Faith and Law

Amy Coney Barrett explains that letting one's own moral convictions interfere with interpreting laws as written and enacted is not a problem confined to traditionally religious people:
“All people, of course–well, we hope, most people–have deeply held moral convictions, whether or not they come from faith. People who have no faith, people who are not religious, have deeply held moral convictions,” Barrett noted. “And it’s just as important for those people to be sure– I just spent time talking about the job of a judge being to set aside moral convictions, personal moral convictions, and personal preferences, and follow the law. That’s a challenge for those of faith and for those who have no faith.”
“So I think the public should be absolutely concerned about whether a nominee for judicial office will be willing and able to set aside personal preferences, be they moral, be they political, whatever convictions they are,” Barrett explained. “The public should be concerned about whether a nominee can set those aside in favor of following the law.”
“But that’s not a challenge just for religious people. I mean, that’s a challenge for everyone. And so I think it’s a dangerous road to go down to say that only religious people would not be able to separate out moral convictions from their duty,” she said.

Supreme Court Nominee

Now there's a move afoot--I have no idea how serious it is--to skip a Senate Judiciary Committee hearing on the Supreme Court nominee, whomever she might be, and take the matter straight to the floor of the Senate for an up or down vote.

That certainly would be an interesting answer to the Progressive-Democrats' stall tactic of invoking the two-hour rule on Committee hearings (although the rule can be waived on a case by case basis by a privileged motion being voted up).

Hearings aren't required for nominations; they've just been habitually done. The Progressive-Democrats, though, with their performances on the last several Republican nominee hearings, have destroyed the utility of such hearings. On the other hand, skipping the hearing might have negative impacts on some of the more borderline Republicans.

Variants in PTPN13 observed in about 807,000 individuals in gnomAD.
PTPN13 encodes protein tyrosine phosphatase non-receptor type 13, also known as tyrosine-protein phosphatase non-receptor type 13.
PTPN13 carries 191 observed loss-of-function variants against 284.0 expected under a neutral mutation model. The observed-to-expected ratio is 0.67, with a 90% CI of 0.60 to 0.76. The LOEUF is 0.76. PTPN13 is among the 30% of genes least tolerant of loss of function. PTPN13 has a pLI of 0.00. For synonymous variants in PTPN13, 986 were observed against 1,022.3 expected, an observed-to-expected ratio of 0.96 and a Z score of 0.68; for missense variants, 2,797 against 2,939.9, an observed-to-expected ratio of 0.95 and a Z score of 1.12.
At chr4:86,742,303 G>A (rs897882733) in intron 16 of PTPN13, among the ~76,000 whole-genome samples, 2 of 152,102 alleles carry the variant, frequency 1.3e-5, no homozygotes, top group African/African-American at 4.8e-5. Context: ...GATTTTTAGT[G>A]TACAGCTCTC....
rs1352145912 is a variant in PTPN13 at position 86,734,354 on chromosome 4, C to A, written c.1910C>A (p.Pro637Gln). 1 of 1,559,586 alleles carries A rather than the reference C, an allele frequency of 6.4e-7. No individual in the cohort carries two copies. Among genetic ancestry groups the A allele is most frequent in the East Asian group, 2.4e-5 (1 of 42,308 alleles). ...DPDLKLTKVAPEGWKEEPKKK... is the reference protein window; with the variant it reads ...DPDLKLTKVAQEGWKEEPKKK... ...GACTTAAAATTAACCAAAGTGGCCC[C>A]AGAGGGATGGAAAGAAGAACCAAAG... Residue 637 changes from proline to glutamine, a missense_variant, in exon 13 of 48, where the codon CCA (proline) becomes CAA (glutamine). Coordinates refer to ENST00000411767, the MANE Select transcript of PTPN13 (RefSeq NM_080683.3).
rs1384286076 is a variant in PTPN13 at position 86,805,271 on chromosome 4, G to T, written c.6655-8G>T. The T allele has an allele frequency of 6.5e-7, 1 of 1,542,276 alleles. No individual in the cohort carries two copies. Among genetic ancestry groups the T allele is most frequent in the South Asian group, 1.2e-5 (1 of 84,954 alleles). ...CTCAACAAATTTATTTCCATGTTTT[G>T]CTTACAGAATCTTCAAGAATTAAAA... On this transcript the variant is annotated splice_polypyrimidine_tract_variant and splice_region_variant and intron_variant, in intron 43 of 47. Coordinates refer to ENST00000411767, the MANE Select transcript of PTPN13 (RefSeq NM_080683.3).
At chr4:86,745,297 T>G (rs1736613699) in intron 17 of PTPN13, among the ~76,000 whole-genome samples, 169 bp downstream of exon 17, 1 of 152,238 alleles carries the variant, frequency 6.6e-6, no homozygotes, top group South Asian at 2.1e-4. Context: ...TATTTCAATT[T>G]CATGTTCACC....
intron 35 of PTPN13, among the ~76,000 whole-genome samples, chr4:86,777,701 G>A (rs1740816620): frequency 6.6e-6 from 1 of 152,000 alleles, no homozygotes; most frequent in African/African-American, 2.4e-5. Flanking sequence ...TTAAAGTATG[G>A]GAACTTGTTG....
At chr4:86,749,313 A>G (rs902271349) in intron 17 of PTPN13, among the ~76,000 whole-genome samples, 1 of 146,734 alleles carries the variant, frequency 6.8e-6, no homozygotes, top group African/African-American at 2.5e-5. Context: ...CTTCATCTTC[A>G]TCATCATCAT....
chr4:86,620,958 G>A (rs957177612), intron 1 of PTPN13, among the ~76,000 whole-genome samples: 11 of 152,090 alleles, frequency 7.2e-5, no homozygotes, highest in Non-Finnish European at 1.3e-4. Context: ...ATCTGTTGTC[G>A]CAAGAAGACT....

Eric Hines

My take on the Breonna Taylor debacle

With the recent acquittal of two of the two detectives in the raid on the apartment of Breonna Taylor and her boyfriend Kenneth Walker, things are going to get violent in Louisville tonight (and apparently already have).  And I think we can all agree that while anger may be appropriate, burning and looting the town is not (and would not ever solve anything).  But I have some things to say about the incident that sparked this, and I'll put them below the fold.

U.S. death rate down

 I've been wondering if the "death from all causes" rate was going to drop in 2021, as a result of a virus whose defining characteristic may be its ability to carry off vulnerable and/or elderly people with unusually short life expectancies.  Are we already seeing the trend begin? The September number took a real dive.

Does this really play the way they think it does?

Kamala Harris's campaign managers are said to be looking forward to her grilling the President's nominee for the Supreme Court, based on her riveting question in 2019 to a candidate (later confirmed) for the U.S. District Court for Nebraska:
“Since 1993, you have been a member of the Knights of Columbus, an all-male society comprised primarily of Catholic men,” Harris began. “In 2016, Carl Anderson, leader of the Knights of Columbus, described abortion as ‘a legal regime that has resulted in more than 40 million deaths.’ Mr. Anderson went on to say that ‘abortion is the killing of the innocent on a massive scale.’ Were you aware that the Knights of Columbus opposed a woman’s right to choose when you joined the organization?”
Way to score points. He belonged to an all-male group composed solely of Catholics! Also an all-Catholic group composed solely of men.

If I'd been Ms. Harris's campaign adviser, I'd have suggested that she be less specific about the terrible things the Knights of Columbus believe, maybe sticking with "fringe religious fanatical notions you crazy racists all agree on." Reading out phrases like "abortion is the killing of the innocent on a massive scale" can only cause people, however unconsciously, to entertain thoughts about the moral gravity of this controversy.

"Are you now, or have you ever been, a member of a group that opposes the killing of the innocent on a massive scale?"

Cuomo sounds comparatively sane

It's a tall order, but Don Lemon brings out the rational side of [correction] Fredo Cuomo:
“We’re going to have to blow up the entire system,” Lemon said.
“I don’t know about that,” Cuomo reacted, who argued that Americans just have to vote.
“You know what we’re going to have to do?… You’re going to have to get rid of the electoral college,” Lemon continued. “Because the minority in this country get to decide who our judges are and who our president is. Is that fair?”